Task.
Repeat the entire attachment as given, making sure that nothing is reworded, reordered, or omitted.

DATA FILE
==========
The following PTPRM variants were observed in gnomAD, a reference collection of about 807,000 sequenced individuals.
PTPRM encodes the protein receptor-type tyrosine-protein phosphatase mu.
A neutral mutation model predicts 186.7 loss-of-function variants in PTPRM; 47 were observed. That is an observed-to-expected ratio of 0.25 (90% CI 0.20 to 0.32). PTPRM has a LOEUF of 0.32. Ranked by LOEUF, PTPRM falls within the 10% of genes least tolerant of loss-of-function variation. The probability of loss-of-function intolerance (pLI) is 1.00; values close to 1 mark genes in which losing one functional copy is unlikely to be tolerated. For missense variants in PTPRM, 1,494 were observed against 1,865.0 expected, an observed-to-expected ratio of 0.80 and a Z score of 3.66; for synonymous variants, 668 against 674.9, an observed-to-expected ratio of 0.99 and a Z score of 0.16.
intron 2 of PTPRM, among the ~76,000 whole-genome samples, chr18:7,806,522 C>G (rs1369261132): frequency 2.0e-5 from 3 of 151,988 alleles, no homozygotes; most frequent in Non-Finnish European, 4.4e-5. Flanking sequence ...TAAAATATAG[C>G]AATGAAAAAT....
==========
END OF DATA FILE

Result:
The following PTPRM variants were observed in gnomAD, a reference collection of about 807,000 sequenced individuals.
PTPRM encodes the protein receptor-type tyrosine-protein phosphatase mu.
A neutral mutation model predicts 186.7 loss-of-function variants in PTPRM; 47 were observed. That is an observed-to-expected ratio of 0.25 (90% CI 0.20 to 0.32). PTPRM has a LOEUF of 0.32. Ranked by LOEUF, PTPRM falls within the 10% of genes least tolerant of loss-of-function variation. The probability of loss-of-function intolerance (pLI) is 1.00; values close to 1 mark genes in which losing one functional copy is unlikely to be tolerated. For missense variants in PTPRM, 1,494 were observed against 1,865.0 expected, an observed-to-expected ratio of 0.80 and a Z score of 3.66; for synonymous variants, 668 against 674.9, an observed-to-expected ratio of 0.99 and a Z score of 0.16.
intron 2 of PTPRM, among the ~76,000 whole-genome samples, chr18:7,806,522 C>G (rs1369261132): frequency 2.0e-5 from 3 of 151,988 alleles, no homozygotes; most frequent in Non-Finnish European, 4.4e-5. Flanking sequence ...TAAAATATAG[C>G]AATGAAAAAT....